When it comes to Vitamin D, you shouldn't scare people off by making comments about toxicity. All fat soluble vitamins and all minerals have risk of toxicity with adverse affects. Lay people may think that only vitamin D is potentially toxic. Vitamin D deficiency is so common among the population and the DRI and lab values that show vit D status are too low, with the new research that vitamin D is no longer only for bone health. My collegues and I take high amounts of vit D everyday and are trying to increase our serum levels to 50, instead of the 30 recommended. At 50, your body can store it and then use it more efficiently. I take 4000 IU per day and have no harmful effects. Everyone should check out the Vitamin D Council for more information (backed up by research) on vit D and how important it is to our health.

    • Melissa says:

      You do touch on some really important points. I am a RD, with a MS in clinical human nutrition. Based on my research (with some of it coming from the vitamin D council as well), I recommend people w/ def. to take upwards of 10,000 IU daily (after analyzing dietary intake). I also have pregnant clients taking 4,000-5,000 IU D3 daily – during pregnancy!! The point is that people are deficient! Vit D controls over 2,000 genes in our bodies, and to more correctly state, it's actually a pre-hormone. I agree with you that it is beneficial to EDUCATE lay persons rather than scare them w/ non-referenced "facts" and opinions. There is just too much misinformation about nutrition out there and I find myself re-educating my patients much of the time. You mention serum levels of vit D above 50, and I am working on getting mine above 75, then above 90. Vitamin D research is only beginning, and I am excited to have answers in the future to all of these "issues" we're talking about – namely, amounts to take orally vs. consumed in foods, UL while pregnant, adequate serum ranges for optimal health, etc. Thank you for being well informed before speaking!!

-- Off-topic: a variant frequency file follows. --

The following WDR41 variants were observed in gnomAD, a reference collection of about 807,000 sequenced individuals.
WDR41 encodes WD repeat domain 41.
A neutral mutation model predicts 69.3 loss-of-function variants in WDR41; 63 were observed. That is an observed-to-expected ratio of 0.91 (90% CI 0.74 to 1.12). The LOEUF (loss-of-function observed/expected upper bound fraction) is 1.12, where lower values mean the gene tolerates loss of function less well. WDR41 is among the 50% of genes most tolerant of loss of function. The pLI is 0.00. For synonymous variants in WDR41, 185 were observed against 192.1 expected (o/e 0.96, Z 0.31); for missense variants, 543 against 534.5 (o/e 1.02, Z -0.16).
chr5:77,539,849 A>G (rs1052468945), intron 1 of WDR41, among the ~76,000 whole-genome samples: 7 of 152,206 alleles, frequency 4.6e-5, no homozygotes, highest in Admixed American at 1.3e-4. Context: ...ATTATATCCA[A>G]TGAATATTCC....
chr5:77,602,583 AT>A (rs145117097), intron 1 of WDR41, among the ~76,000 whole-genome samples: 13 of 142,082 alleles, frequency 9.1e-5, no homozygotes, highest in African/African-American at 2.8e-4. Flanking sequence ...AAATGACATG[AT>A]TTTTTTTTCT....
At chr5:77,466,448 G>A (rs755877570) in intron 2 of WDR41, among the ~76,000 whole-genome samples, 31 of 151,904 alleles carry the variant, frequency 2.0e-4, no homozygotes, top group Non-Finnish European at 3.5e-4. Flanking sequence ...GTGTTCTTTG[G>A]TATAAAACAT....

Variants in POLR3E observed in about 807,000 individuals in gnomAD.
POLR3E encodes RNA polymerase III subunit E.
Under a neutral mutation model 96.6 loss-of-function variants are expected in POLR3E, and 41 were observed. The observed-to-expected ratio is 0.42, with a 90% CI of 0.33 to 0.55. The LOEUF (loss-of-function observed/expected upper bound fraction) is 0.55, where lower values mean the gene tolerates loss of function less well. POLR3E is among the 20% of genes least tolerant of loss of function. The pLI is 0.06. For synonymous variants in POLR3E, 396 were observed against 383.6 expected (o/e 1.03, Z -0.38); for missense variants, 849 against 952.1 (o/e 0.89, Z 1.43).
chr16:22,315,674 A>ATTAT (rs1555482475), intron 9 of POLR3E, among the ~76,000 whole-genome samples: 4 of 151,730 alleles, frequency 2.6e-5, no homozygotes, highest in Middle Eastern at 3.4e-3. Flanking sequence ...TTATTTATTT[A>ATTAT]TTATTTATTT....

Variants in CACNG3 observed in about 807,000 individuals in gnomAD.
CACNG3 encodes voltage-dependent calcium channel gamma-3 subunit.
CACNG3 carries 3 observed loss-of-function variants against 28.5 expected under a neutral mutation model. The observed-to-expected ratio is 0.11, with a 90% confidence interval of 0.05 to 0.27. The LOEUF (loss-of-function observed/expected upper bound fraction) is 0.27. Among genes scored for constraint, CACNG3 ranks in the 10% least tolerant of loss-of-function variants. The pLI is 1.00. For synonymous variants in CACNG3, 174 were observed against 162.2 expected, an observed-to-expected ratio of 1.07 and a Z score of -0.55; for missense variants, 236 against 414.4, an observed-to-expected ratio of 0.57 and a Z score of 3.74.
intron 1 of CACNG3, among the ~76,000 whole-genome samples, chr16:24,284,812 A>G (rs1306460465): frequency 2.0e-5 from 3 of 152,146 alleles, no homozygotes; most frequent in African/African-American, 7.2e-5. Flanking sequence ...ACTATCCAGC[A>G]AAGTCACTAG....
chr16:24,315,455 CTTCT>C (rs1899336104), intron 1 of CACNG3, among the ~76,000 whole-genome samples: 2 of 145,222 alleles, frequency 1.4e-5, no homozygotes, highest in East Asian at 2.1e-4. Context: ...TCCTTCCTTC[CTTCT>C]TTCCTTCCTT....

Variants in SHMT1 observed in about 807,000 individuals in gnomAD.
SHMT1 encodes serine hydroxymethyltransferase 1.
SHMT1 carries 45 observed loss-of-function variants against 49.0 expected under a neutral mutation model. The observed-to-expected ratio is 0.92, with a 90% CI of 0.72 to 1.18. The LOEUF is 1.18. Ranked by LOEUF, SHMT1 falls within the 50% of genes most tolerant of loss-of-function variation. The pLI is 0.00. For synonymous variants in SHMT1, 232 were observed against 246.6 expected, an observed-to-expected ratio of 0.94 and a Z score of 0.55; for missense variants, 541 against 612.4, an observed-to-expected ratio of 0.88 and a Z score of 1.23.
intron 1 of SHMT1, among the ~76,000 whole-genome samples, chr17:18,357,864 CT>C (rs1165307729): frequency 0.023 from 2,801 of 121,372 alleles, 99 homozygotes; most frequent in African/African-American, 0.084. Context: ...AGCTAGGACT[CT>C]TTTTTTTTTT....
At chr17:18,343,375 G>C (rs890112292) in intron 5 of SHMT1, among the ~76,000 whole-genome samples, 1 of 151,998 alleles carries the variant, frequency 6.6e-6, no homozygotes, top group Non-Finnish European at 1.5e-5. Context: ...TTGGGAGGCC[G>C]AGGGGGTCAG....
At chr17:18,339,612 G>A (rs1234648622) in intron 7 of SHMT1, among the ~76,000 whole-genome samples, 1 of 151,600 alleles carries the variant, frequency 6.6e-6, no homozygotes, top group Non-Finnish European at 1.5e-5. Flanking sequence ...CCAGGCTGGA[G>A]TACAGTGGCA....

2. With such common sources listed, it is still a paradox as to why America is said to be a Vit D deficient country. Almost every meal you can see has at least some minimal egg, milk or orange. Maybe the right quantity is not been consumed.

    Perhaps arrhythmia is one of the proofs that even organic substances can produce negative effects if taken in excessive quantities.

    Many of us think that its kids who need calcium most but from the post both kid and adults need 400IU per day.

  3. I hardly leave a response, but i did some searching and wound up here Nutrient to Know: Vitamin C | Healthy Eats – Food Network Healthy Living Blog. And I actually do have a couple of questions for you if it’s allright. Could it be simply me or does it seem like some of these responses appear like they are coming from brain dead people? :-P And, if you are posting on other sites, I’d like to keep up with everything new you have to post. Could you make a list of all of your public pages like your linkedin profile, Facebook page or twitter feed?

  4. It is in reality a nice and useful piece of information. I’m glad that you shared this useful info with us. Please stay us informed like this. Thank you for sharing.

Leave a Reply

Your email address will not be published. Required fields are marked *

You may use these HTML tags and attributes: <a href="" title=""> <abbr title=""> <acronym title=""> <b> <blockquote cite=""> <cite> <code> <del datetime=""> <em> <i> <q cite=""> <strike> <strong>